If you’re unmotivated, start small and progress as your confidence builds. Inviting a friend or enlisting the help of an experienced personal trainer could be just what you need to get your journey off on the right foot.
Take Care of Your Mental Health
Being in the line of duty can take a toll on your mental health as well. Many veterans have endured traumatic experiences and isolation. These experiences can result in depression, anxiety, and stress.
Astounding research shows that only 50 percent of military members and veterans seek mental health services. This lack of care is making a dangerous impact on our society.
Therefore, you must prioritize your mental health needs by talking to a professional. If you need help, the US Department of Veterans Affairs provides free counseling services for veterans.
Socialize and Connect with Other Veterans
It’s natural to feel lost and overwhelmed when starting a new chapter in life. You might feel that your service experience is something no one else can understand. But sharing your story with other veterans could be just what you need to find comfort and relief.
You can also take up new hobbies like volunteering, gardening, and cooking to help you stay connected with your community.
By forming this connection, you will feel fulfilled and gain a clearer purpose. Research even shows that feeling like you belong somewhere and having an overarching mission can lead to improved physical wellness.
Do What You Enjoy Doing
After a lifetime of service, you deserve to take it easy and enjoy the things that bring you joy. Doing something that brings meaning to your life has been linked to overall good health.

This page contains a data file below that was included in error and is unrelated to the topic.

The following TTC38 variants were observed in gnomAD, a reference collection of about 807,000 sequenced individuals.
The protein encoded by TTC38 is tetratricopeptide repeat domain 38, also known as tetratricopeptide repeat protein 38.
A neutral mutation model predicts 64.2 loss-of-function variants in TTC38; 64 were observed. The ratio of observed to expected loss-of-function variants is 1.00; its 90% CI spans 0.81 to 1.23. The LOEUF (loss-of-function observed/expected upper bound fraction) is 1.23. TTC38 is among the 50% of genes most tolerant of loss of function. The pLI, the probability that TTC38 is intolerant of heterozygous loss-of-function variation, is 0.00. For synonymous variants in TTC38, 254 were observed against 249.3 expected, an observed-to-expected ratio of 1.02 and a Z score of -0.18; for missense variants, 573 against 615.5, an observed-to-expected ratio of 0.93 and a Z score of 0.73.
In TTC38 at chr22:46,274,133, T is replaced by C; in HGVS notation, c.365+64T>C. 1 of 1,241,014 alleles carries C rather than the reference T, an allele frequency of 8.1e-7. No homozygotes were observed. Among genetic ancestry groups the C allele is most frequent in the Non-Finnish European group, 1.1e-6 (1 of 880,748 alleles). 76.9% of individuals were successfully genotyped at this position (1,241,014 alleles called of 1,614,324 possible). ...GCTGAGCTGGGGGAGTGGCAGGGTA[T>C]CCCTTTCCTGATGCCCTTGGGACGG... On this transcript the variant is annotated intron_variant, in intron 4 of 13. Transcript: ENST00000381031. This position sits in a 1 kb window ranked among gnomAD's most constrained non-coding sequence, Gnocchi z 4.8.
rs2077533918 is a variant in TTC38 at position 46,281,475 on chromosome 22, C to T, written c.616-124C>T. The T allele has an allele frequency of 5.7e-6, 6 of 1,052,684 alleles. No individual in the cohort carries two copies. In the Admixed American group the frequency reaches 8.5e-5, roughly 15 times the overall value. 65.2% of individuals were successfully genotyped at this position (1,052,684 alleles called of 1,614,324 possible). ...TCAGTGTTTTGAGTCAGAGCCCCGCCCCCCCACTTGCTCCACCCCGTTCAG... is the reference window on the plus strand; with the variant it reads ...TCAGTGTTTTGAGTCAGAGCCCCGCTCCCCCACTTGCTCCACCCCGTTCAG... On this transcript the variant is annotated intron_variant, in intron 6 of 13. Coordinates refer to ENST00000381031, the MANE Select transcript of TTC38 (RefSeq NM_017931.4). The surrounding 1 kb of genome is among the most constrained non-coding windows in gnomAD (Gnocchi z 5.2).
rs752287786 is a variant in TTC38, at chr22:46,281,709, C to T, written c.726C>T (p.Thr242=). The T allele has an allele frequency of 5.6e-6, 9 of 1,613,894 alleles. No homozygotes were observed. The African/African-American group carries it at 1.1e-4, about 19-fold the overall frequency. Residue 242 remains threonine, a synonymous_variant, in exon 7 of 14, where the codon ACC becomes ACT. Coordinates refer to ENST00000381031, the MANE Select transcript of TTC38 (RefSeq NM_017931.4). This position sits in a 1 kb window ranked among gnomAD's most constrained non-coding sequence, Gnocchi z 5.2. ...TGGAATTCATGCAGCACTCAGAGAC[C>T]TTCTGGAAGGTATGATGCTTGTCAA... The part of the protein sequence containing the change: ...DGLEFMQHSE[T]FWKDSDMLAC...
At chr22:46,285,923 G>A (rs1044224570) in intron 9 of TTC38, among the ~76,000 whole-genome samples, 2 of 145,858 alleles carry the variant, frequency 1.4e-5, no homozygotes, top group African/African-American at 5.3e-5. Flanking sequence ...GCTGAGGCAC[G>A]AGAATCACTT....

Try out painting, music lessons, or yoga classes.
You can also adopt a pet. Animals can be a great source of company and comfort. They provide emotional support while also helping you stay active.
Spending time in nature can be a great way to relax and recharge if you’re looking for more activities. Nature has the power to reduce stress levels and help you stay focused. So, hike, swim, or camp your way to better physical and mental health.
Be Mindful of Your Diet
A nutritious diet is essential for maintaining optimal health and wellness. Making the right food choices can significantly reduce your risk of developing chronic diseases like heart disease, cancer, and diabetes.
Maintaining a healthy diet is essential for all veterans. It means getting your daily intake of important proteins, veggies, and fruits.
It’s also wise to monitor caloric consumption while limiting processed food and sugar-filled drinks.
A diet that contains nutrient-rich foods like salmon, spinach, walnuts, and blueberries can offer tremendous advantages.
Veterans are some of the bravest people in our society. So, they must receive the proper care and support upon returning from service.
Physical activity, a balanced diet, mental health services, and connections with other veterans can help you maintain a healthy lifestyle. And doing things you love can provide meaning to life while promoting positive feelings. Remember, taking care of your health should be your top priority.